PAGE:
The Ravenloft Files Vol.12: The Shadow Walkers - The Keepers of the Vault Pt. III
by, 07-03-2009 at 08:01 PM (853 Views)
(Continued from Day One)
After knocking on the door, we were eventually greeted by a man named Birch. In addition to being the caretaker of the lighthouse, he was a cleric of some goddess who's name I can't recall, but who I believe was popular among witches. At first he did not seem very eager to help us. That was until we described the nature of our arrival on the peninsula. Then he invited us in to stay for the night and gave us all something to eat. He also gave Midnight a place to stay, and some oats and water. In exchange, we provided him with company and entertainment.
He told us that we had somehow arrived on a small island in the middle of a vast sea. Yet we had never crossed over any body of water what so ever. The island was called Graben Island. But none of us had ever heard of it before. The nearby village, where the priest's church and his fellow clergymen were, was called Seeheim. But he advised us to go to another larger village nearby in the morning. Like the island, it was called Graben Village. Birch gave us a little information about it, including a very brief, recent history about two adventuring bands called the Wanderers and the Seekers who had come to the island over the course of the past few years and dealt with a great evil that had stolen upon the noble family for which the island had been named.
Day Two - Just as Birch had advised, we set out in the morning with directions to Graben Village. Now aware that the lighthouse stood at the northern end of the island, we headed south, keeping the towering cliff to the west within sight.
Still loaded down with a considerable amount of treasure taken from Castle Tristenoira, we were fortunate to have a sturdy horse such as Midnight to help carry the load. Though I would strongly advise against ever referring to the horse as a pack mount. For Midnight seems to have an uncanny knack of reading minds, and takes great exception to being called a pack mount.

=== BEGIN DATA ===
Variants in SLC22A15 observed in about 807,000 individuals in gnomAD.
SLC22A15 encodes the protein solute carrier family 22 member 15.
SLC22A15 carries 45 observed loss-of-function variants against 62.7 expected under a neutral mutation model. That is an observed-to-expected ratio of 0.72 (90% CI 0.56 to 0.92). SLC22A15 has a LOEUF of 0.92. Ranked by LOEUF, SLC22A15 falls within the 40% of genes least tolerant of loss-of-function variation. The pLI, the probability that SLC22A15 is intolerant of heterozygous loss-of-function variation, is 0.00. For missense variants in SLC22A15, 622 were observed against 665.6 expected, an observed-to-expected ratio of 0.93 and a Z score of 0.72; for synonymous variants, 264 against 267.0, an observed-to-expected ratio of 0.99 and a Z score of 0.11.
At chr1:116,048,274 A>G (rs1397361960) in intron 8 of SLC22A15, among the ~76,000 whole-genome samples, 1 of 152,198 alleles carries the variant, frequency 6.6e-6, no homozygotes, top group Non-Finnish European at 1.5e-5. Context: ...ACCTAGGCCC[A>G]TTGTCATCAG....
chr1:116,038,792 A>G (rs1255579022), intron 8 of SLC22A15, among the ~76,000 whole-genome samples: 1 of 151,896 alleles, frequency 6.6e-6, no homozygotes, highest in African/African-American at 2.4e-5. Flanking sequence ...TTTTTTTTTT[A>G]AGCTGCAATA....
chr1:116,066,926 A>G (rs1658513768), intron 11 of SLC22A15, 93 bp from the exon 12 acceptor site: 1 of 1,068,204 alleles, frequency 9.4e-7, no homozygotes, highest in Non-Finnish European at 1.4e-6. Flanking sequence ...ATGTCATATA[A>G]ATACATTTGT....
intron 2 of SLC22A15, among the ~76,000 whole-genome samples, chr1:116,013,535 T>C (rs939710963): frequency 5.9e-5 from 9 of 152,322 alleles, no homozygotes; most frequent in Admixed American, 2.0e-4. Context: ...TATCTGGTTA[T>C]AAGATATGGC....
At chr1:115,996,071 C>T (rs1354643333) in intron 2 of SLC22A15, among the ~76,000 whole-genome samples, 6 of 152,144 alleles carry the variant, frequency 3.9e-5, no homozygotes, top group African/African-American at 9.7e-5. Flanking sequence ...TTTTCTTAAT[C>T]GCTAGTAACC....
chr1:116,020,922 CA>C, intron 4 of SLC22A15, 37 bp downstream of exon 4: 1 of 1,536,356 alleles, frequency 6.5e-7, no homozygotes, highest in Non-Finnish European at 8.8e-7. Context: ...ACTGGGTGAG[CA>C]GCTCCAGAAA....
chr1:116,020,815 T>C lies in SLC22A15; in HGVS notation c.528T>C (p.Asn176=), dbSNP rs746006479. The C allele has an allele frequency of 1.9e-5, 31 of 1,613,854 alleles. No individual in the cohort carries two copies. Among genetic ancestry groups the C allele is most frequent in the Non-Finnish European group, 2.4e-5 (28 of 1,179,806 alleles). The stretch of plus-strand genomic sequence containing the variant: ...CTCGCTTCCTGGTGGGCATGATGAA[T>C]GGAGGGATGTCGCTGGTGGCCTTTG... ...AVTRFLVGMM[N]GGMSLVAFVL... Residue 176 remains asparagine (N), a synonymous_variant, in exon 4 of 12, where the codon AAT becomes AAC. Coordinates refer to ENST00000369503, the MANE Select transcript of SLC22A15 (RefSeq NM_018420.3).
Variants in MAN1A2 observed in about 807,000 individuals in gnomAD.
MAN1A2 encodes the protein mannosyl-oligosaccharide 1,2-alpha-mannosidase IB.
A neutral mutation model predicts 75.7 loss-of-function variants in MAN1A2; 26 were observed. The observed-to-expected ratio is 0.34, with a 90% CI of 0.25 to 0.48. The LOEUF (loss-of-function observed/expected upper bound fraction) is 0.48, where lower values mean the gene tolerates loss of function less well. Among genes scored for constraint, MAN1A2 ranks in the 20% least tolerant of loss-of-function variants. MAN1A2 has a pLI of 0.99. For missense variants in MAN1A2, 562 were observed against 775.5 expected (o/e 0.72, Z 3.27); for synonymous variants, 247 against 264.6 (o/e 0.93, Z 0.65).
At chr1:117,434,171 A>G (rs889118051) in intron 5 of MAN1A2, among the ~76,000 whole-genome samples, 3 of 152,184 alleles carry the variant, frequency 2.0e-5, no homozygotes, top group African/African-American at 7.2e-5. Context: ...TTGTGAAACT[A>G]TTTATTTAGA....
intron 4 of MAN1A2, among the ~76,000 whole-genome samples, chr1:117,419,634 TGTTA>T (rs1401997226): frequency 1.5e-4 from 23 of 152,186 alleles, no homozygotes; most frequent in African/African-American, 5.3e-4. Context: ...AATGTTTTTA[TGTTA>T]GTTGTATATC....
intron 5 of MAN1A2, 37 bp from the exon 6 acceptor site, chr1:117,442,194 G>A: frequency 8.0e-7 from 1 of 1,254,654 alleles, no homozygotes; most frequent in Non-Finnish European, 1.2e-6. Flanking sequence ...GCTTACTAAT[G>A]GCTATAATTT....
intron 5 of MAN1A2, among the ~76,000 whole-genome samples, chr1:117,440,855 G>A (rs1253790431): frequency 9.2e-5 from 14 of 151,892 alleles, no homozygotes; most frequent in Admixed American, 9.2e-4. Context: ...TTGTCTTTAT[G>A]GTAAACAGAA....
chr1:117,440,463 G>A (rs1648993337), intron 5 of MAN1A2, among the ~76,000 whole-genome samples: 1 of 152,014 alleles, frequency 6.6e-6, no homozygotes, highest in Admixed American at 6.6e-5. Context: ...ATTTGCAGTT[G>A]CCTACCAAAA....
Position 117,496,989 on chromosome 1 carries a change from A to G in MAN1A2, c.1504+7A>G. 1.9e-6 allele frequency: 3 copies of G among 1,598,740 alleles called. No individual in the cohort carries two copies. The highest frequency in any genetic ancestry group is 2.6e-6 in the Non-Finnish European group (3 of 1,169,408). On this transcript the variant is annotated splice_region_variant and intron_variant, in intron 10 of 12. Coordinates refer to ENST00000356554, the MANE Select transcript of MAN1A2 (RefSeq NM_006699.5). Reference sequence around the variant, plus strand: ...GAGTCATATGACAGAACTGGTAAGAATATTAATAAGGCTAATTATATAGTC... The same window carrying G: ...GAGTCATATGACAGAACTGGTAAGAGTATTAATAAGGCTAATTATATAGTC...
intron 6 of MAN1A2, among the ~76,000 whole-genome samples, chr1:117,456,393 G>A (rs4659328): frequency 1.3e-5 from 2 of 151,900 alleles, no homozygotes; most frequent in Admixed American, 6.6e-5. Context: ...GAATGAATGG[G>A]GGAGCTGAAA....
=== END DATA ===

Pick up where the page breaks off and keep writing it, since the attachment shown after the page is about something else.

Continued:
Due in part to the weight of the load carried by Midnight, Angus led him on foot for most of the way. But after a few miles out in the cold, it seemed that Midnight was becoming restless. Admittedly, we have spent the last six months in places that were not exactly ideal for a horse used to running free in the countryside. And for a horse as headstrong as Midnight, perhaps we should be thankful we did not hear more complaints from him. But apparently the sight of an open snow covered field still as unmarked and pristine as the day the snow fell, made Midnight yearn to run. So Angus was more than happy to oblige him. It had also been quite sometime for Angus since he had enjoyed a good ride.
After lightening the load a bit, Angus took off on Midnight quickly reaching a gallop, and began a long circuit around the field. Halfway around they skirted along the edge of a creek lined with trees. Angus was enjoying the ride so much that he almost failed to notice a man standing by the trees, smiling at him, his hands on his hips. He caught sight of the man just as they were about to pass him by, and quickly brought Midnight to a stop.
To be continued...